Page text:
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I installed python 3 and pip into in Windows System for Linux shell, but it appears I have to find and specify site-packages directory manually if I want to run any python package executables. The packages I wanted to use were cheat and awscli, but the problem is the same for any package.

My chain of commands was:

  • install WSL - Ubuntu 18.04
  • sudo apt-get update (because sudo apt-get install pip3 will not work on fresh installation)
  • sudo apt-get install pip3 (installs python too)
  • sudo pip3 install cheat
  • cheat not recognised as a command, while python3 runs fine from /usr/bin/python3
  • realise $HOME/.local/lib/python3.6/site-packages must be on path
  • in ~/.profile add $HOME/.local/lib/python3.6/site-packages to path with export PATH="$HOME/.local/lib/python3.6/site-packages:PATH"
  • restart ~/.profile

I there something I can change in the installation process so that I mustn't search for site-packages directory and add it to path manually?

UPDATE: proper call executed for pip was sudo pip3 install cheat. there is no plain pip on the system. calling pip results in error Command 'pip' not found.

  • Any comment accompanying a downvote will be highly appreciated – Evgeny Sep 27 '18 at 9:59
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    First of all, never use sudo pip install. By that, you save yourself a lot of future errors. Use pip install --user instead. Do it right now: got through pip3 list output, try to find packages you already installed (plus their dependencies), uninstall and reinstall them as user. By doing that, you will immediately notice the commands to become available because of the PATH changes you made. – hoefling Oct 2 '18 at 11:34
  • If you, however, like to live on the edge and insist on sudo pip installing, adjust the PATH correctly: check out the output of pip3 show cheat | grep Location, two segments up and descend into bin and add that directory to PATH. – hoefling Oct 2 '18 at 11:38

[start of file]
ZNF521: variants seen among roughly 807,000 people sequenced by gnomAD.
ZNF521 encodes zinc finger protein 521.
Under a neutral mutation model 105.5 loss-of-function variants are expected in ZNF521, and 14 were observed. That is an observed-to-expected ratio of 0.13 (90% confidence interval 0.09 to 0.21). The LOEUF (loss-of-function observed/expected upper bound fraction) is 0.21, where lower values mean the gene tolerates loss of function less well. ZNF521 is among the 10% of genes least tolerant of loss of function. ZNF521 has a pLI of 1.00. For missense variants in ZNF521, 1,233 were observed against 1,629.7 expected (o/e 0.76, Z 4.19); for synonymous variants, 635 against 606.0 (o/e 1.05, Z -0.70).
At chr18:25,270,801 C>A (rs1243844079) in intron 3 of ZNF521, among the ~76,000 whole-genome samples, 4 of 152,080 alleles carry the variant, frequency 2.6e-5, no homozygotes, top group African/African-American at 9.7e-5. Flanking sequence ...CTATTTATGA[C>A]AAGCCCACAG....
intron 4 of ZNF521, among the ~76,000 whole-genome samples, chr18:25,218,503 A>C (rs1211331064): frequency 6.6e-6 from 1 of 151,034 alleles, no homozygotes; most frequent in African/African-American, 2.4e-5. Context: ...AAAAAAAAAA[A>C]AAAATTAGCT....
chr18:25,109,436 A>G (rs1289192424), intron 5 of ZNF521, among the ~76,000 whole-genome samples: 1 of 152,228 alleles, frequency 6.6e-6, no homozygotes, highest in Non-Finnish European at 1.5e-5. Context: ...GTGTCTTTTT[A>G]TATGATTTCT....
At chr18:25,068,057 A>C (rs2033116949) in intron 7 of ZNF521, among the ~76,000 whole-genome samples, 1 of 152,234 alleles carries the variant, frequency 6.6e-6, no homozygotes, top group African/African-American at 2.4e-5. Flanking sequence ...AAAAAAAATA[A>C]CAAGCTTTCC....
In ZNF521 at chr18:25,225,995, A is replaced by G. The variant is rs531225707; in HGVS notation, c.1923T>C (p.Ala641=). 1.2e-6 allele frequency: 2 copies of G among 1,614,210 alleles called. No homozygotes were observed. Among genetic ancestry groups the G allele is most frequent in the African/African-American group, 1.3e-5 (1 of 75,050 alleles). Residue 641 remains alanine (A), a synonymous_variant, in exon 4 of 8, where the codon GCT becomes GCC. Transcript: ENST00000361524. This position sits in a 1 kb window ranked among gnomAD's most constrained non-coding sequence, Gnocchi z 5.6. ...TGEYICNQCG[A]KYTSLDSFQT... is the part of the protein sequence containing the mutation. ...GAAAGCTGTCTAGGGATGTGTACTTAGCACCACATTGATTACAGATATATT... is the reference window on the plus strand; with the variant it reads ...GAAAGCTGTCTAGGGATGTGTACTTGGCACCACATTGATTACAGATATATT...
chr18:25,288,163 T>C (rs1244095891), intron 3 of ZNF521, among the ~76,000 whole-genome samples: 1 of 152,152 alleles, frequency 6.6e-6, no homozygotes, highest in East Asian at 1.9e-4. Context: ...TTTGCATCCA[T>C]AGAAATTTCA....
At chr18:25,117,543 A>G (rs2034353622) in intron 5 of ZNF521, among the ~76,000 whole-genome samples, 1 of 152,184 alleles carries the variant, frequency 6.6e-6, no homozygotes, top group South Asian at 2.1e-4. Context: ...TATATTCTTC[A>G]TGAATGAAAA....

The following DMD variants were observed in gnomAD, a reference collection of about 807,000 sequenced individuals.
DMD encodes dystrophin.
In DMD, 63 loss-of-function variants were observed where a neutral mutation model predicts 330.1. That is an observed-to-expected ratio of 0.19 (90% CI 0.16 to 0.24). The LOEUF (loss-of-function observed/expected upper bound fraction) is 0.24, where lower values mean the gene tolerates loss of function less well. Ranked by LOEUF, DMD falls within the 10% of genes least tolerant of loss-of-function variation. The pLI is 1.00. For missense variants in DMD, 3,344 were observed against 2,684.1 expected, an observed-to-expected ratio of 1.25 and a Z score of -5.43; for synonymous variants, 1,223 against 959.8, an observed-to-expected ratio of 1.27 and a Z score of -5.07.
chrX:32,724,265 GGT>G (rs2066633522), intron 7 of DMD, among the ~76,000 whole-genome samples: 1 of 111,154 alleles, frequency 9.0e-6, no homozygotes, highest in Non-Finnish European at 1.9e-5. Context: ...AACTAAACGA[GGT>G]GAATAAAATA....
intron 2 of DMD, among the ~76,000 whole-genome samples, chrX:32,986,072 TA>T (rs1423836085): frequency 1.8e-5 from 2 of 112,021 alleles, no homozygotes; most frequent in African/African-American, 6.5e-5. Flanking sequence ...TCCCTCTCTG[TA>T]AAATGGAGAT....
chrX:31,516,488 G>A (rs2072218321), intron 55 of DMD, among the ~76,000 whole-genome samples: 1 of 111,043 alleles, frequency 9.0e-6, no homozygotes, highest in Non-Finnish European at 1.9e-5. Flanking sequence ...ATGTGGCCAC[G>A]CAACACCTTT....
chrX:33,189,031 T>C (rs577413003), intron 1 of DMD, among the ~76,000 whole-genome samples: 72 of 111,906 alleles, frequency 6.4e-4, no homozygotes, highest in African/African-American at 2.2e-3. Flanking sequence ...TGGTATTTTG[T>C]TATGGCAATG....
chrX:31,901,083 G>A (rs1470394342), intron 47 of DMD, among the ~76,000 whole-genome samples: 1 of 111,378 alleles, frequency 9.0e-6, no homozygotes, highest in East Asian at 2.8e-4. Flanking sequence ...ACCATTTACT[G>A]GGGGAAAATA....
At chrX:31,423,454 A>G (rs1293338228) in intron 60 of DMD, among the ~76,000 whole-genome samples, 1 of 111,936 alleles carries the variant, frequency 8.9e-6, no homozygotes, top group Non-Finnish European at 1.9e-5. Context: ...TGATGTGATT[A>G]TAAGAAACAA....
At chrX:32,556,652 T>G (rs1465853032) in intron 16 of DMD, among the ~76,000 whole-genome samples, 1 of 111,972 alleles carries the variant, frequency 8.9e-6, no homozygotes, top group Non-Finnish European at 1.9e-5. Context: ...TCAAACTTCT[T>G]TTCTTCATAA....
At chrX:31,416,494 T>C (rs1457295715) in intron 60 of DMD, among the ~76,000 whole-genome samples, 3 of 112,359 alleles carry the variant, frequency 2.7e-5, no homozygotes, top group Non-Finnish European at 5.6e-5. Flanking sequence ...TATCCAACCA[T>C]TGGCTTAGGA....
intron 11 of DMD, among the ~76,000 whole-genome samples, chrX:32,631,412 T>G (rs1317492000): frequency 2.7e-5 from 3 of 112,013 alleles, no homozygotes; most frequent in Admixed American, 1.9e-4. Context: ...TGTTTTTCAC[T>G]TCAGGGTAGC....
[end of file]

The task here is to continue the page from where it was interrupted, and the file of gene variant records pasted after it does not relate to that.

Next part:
• @hoefling - exactly two things I was missing in the workflow! Do you care to put these comments as an answer, so that I can accept it? Installing as a user is indeed the missing step! – Evgeny Oct 2 '18 at 13:46
  • I have also noticed you're adding the wrong dir to PATH; suggested a fix in the answer. – hoefling Oct 2 '18 at 21:50
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  1. as suggested in the comments: don't use sudo pip install as you will get conflicts with the system package manager sooner or later. Always install python packages via pip install --user.
  2. $HOME/.local/lib/python3.6/site-packages shouldn't be on PATH, it's the directory containing python modules (python source code files), but no executables. You can check the path for user-installed executables with:

    $ python3 -m site --user-base | xargs -I {} echo {}/bin
    

    Most probably it's the $HOME/.local/bin. Add this one to PATH instead of site-packages. In your .profile/.bashrc/.bash_profile (whatever your OS specifies):

    PATH="$HOME/.local/bin:$PATH"
    export PATH
    

    Notice the $PATH instead of PATH in the path appending command. Now restart the terminal (or source the profile file) and check whether the installed executables are available:

    $ which eb
    $ eb --help
    

    etc.

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